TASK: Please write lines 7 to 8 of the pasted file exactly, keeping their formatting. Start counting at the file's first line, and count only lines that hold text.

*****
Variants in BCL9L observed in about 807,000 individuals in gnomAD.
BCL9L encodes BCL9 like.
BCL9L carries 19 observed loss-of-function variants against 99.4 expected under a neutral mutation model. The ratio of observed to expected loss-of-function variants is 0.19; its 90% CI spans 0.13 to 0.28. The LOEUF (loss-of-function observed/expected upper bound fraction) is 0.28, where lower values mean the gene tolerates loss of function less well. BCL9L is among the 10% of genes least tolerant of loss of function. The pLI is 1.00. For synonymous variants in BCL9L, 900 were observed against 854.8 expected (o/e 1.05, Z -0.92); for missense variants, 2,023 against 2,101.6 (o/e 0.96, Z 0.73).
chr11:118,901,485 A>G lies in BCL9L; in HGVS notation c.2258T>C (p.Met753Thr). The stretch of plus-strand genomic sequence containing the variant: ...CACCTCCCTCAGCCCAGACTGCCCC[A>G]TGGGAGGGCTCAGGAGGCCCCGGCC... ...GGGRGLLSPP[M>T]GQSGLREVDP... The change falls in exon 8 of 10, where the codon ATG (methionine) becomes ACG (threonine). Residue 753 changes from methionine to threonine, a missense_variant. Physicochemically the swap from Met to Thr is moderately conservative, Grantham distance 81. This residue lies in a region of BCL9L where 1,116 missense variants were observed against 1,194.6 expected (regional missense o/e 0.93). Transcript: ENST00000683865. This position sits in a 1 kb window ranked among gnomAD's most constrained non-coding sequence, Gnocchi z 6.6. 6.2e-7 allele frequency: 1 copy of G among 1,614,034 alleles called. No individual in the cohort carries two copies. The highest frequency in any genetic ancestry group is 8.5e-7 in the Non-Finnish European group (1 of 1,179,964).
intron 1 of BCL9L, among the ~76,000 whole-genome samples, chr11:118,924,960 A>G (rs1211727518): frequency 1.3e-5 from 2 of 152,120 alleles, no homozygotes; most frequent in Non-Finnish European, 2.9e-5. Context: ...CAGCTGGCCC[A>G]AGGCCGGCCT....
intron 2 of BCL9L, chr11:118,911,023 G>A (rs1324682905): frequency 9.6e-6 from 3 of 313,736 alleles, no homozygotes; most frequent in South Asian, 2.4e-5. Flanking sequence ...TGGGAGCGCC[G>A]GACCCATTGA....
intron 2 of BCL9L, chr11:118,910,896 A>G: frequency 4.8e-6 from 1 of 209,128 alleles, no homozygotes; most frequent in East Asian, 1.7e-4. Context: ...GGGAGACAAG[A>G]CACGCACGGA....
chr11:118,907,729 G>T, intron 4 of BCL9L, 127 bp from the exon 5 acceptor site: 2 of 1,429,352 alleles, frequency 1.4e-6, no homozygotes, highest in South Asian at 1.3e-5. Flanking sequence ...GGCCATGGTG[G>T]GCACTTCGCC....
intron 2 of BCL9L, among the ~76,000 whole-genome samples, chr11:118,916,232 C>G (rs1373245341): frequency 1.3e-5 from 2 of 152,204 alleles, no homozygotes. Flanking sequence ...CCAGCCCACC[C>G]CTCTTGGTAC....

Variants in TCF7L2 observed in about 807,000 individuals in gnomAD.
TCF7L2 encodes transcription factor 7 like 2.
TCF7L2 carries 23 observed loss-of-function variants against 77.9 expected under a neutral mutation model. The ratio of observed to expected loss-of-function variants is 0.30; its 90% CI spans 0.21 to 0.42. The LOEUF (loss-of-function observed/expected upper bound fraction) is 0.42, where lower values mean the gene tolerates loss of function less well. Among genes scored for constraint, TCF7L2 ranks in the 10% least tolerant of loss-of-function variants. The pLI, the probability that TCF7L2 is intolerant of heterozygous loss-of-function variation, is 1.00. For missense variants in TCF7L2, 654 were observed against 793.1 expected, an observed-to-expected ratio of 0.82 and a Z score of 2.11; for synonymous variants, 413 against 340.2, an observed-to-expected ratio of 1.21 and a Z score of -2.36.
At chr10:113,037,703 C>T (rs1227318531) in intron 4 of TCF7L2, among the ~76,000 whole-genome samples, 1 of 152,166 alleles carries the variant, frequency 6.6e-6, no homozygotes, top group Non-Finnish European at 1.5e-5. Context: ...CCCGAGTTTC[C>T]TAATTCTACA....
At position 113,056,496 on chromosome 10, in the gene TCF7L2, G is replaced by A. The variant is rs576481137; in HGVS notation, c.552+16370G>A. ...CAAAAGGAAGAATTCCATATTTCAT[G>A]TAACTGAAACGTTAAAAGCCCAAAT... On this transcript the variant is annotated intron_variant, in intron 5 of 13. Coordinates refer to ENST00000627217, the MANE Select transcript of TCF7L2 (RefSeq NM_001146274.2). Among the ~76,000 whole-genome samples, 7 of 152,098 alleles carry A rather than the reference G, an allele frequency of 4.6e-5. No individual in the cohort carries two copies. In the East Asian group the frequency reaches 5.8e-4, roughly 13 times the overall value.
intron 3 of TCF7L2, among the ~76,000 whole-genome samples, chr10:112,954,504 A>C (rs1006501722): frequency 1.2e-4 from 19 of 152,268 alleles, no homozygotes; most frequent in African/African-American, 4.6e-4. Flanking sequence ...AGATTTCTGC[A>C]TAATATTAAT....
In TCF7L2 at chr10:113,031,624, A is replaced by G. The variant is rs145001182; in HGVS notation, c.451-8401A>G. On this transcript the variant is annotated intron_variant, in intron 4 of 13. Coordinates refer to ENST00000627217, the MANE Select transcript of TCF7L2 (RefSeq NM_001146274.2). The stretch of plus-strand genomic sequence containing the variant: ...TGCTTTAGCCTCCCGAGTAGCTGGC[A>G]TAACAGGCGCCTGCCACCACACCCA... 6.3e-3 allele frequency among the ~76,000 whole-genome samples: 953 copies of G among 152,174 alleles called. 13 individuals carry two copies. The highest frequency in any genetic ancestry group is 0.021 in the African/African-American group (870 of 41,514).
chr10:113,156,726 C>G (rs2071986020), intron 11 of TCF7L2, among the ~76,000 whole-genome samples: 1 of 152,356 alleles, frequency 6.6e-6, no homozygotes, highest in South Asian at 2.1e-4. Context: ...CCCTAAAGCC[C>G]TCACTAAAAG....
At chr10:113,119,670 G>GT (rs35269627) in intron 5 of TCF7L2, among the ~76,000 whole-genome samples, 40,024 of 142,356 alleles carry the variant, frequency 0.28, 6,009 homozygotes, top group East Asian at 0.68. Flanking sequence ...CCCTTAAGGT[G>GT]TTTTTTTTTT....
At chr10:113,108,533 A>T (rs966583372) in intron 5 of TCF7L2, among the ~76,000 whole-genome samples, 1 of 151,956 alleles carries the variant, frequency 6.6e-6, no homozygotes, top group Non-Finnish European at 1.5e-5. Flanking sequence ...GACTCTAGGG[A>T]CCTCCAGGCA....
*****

intron 2 of BCL9L, chr11:118,910,896 A>G: frequency 4.8e-6 from 1 of 209,128 alleles, no homozygotes; most frequent in East Asian, 1.7e-4. Context: ...GGGAGACAAG[A>G]CACGCACGGA....
chr11:118,907,729 G>T, intron 4 of BCL9L, 127 bp from the exon 5 acceptor site: 2 of 1,429,352 alleles, frequency 1.4e-6, no homozygotes, highest in South Asian at 1.3e-5. Flanking sequence ...GGCCATGGTG[G>T]GCACTTCGCC....